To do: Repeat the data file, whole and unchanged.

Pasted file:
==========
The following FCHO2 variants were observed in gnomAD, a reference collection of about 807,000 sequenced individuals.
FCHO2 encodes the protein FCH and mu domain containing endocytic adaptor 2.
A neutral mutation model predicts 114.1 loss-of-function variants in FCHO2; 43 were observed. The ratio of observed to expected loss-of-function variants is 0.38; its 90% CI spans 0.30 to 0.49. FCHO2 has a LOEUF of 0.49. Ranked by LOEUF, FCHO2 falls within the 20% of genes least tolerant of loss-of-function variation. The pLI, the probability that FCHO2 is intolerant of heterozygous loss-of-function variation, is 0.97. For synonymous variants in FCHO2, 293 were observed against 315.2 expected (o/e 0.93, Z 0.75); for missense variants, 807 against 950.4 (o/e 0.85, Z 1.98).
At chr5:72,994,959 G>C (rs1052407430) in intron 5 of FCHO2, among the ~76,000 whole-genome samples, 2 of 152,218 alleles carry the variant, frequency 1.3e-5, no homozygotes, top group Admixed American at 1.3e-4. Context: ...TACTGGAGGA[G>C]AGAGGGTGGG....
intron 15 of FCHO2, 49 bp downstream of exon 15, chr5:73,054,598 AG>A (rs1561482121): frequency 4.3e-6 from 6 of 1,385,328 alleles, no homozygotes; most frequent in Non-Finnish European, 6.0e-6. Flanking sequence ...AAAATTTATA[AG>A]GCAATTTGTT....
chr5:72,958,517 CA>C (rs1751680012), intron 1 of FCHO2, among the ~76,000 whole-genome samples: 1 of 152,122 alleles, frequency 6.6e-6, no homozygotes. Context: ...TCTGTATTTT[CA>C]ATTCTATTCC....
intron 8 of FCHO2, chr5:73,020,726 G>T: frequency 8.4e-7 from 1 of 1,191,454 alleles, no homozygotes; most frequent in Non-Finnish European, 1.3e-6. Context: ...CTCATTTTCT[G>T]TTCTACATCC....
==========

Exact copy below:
The following FCHO2 variants were observed in gnomAD, a reference collection of about 807,000 sequenced individuals.
FCHO2 encodes the protein FCH and mu domain containing endocytic adaptor 2.
A neutral mutation model predicts 114.1 loss-of-function variants in FCHO2; 43 were observed. The ratio of observed to expected loss-of-function variants is 0.38; its 90% CI spans 0.30 to 0.49. FCHO2 has a LOEUF of 0.49. Ranked by LOEUF, FCHO2 falls within the 20% of genes least tolerant of loss-of-function variation. The pLI, the probability that FCHO2 is intolerant of heterozygous loss-of-function variation, is 0.97. For synonymous variants in FCHO2, 293 were observed against 315.2 expected (o/e 0.93, Z 0.75); for missense variants, 807 against 950.4 (o/e 0.85, Z 1.98).
At chr5:72,994,959 G>C (rs1052407430) in intron 5 of FCHO2, among the ~76,000 whole-genome samples, 2 of 152,218 alleles carry the variant, frequency 1.3e-5, no homozygotes, top group Admixed American at 1.3e-4. Context: ...TACTGGAGGA[G>C]AGAGGGTGGG....
intron 15 of FCHO2, 49 bp downstream of exon 15, chr5:73,054,598 AG>A (rs1561482121): frequency 4.3e-6 from 6 of 1,385,328 alleles, no homozygotes; most frequent in Non-Finnish European, 6.0e-6. Flanking sequence ...AAAATTTATA[AG>A]GCAATTTGTT....
chr5:72,958,517 CA>C (rs1751680012), intron 1 of FCHO2, among the ~76,000 whole-genome samples: 1 of 152,122 alleles, frequency 6.6e-6, no homozygotes. Context: ...TCTGTATTTT[CA>C]ATTCTATTCC....
intron 8 of FCHO2, chr5:73,020,726 G>T: frequency 8.4e-7 from 1 of 1,191,454 alleles, no homozygotes; most frequent in Non-Finnish European, 1.3e-6. Context: ...CTCATTTTCT[G>T]TTCTACATCC....